The thought has probably crossed your mind to have people over for the holidays. But you’d have to get the house cleaned, spend hours figuring out which appetizers you’re going to serve, go on a huge grocery run, buy drinks…. it’s a lot. Today I’ll show you, step by step, how to turn Christmas cookie baking into a creative way to get your friends together for the holidays. You don’t need to be a pro baker to host this type of event. All you need are proven recipes and some key guidelines, both of which I’ve outlined below.
Invite friends who appreciate baking and desserts
I’ve attended all sorts of baking and cooking events, and it’s certainly more fun to be surrounded by people who appreciate the hobby. If one of your friends wants to get into baking, by all means invite her. However, if someone has no interest in it, she might get bored watching the rest of you for hours.
Limit the invite list to 5 people
When I’ve attended cookie baking parties and there were more than 6 people, it got a little out of control. Even if you have two ovens, you probably have a limited amount of counter space and baking tools.
Provide all baking ingredients, but ask your friends to bring snacks
Here comes the smart way to plan a holiday party without going broke. Baking ingredients cost a lot less than drinks, appetizers, or dinner, so this is a great way for you to host your friends in a cost-effective way. Ask your friends to bring a dish to share, so you have something to tide yourselves over until the cookies come out of the oven! It could be meats and cheeses, chips and dip, fruits and veggies… all of those are good finger foods to snack on while baking. Not only will this save you money, it will alleviate some of the pressure on you as the hostess.
Pair up in teams of two
At baking parties I’ve attended in the past, it seems that everyone wants to work on their own batch of cookies. If you do the math, 6 people = 6 batches of cookies x 30 minutes in the oven = 3 hours! And that’s just the baking time. There’s the dough preparation before that. And the chit chatting. You can imagine how long the event can become. Not that I don’t love my friends, but I’ve gotta get to bed, people! If you’re only hosting a few friends, one batch per person is fine.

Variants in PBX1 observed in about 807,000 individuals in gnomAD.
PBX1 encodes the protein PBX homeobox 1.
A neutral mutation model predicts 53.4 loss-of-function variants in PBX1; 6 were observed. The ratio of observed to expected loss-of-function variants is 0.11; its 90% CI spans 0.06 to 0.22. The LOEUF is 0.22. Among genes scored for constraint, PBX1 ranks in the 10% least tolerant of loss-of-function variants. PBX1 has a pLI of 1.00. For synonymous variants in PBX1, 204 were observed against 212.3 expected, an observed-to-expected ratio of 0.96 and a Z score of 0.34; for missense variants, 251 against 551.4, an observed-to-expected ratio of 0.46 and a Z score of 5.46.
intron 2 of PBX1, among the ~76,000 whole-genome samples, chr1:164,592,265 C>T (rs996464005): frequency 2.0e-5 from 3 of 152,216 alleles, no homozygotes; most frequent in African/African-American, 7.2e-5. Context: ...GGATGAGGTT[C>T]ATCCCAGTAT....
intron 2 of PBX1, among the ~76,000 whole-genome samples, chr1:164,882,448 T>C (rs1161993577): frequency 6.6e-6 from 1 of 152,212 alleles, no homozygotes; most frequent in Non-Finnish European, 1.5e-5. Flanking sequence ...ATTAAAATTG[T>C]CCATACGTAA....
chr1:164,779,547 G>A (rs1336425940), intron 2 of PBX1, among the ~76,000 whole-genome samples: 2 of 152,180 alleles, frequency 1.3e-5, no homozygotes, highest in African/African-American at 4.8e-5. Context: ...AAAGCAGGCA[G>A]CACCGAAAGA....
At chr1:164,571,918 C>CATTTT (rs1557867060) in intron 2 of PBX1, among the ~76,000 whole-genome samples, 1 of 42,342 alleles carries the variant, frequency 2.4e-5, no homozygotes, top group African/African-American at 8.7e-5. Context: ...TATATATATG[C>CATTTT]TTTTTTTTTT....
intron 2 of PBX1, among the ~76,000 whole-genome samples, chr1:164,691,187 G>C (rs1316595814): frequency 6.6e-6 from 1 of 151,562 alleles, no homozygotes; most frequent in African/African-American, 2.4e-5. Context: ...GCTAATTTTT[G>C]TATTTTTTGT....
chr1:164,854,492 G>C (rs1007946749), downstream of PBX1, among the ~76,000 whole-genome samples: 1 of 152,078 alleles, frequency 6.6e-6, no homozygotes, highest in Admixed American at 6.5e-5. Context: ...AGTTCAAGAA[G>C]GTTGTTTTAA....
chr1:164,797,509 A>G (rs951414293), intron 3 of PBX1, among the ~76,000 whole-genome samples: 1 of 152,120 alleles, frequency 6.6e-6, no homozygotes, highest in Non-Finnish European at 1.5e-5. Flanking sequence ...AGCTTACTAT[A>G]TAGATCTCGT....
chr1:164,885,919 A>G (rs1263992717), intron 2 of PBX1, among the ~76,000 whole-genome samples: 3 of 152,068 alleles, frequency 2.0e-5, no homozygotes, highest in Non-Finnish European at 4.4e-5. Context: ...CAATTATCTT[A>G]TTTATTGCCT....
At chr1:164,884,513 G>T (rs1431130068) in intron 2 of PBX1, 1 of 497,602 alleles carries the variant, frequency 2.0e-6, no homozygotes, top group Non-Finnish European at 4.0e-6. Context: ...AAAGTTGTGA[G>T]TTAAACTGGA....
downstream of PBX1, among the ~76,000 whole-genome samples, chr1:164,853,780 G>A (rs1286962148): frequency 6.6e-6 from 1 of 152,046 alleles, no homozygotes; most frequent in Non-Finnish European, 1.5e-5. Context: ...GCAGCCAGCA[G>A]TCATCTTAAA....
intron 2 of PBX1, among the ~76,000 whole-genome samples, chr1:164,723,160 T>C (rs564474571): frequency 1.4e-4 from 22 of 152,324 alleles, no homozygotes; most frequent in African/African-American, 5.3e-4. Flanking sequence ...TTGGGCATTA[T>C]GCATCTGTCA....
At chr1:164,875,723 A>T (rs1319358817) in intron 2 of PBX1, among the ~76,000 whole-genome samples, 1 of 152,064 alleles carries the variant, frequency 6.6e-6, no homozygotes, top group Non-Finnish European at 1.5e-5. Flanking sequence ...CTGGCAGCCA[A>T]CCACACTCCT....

Don’t let friends choose the recipes unless they’re tested
The last thing you want is to spend hours baking cookies that don’t turn out well. Either choose all of the recipes yourself or let your friends bring their favorite recipe assuming they’ve made it before. Also, make sure to coordinate the recipe list in advance so you can choose complimentary flavors. As much as everyone loves chocolate, you don’t want 6 batches of slightly varied chocolate cookies. Earlier this week I shared my favorite Christmas cookie recipes here, so I would recommend using a few of those. Everyone will love them.
Be aware of recipes that require advanced refrigeration
Some recipes such as cut-out sugar cookies require that you chill the dough for at least an hour or two before rolling it out. If you’re making cut-outs, I would suggest making that dough in advance of the party so it’s ready to roll out when your friends arrive.
Provide to-go containers and get creative
This is an opportunity for you to treat your guests a little. Once the cookies are all cooled, create an assembly line for everyone to package up the treats to take home. You can buy little bakery boxes and twine from your local craft store or Amazon, examples here and here.
Ensure you have enough baking tools
You probably don’t have 5 stand mixers and 5 sets of measuring cups. Depending on how many people you’re inviting, it’s totally okay for you to ask your friends to bring extra tools, such as measuring cups and spoons, mixing bowls, sheet pans, cookie scoops, etc. This will help speed up the baking process so everyone isn’t waiting to use the same tool.
I hope these tips help you host a fun, impressive cookie baking party for your friends. My guess is next year they’ll be asking you to host again. If you’re like me, hanging at home in leggings baking Christmas cookies and treating my friends to a fun afternoon or evening sounds way more fun than a night out of eating and drinking. Plus, when you wake up the next morning you can eat cookies for breakfast. What’s better than that?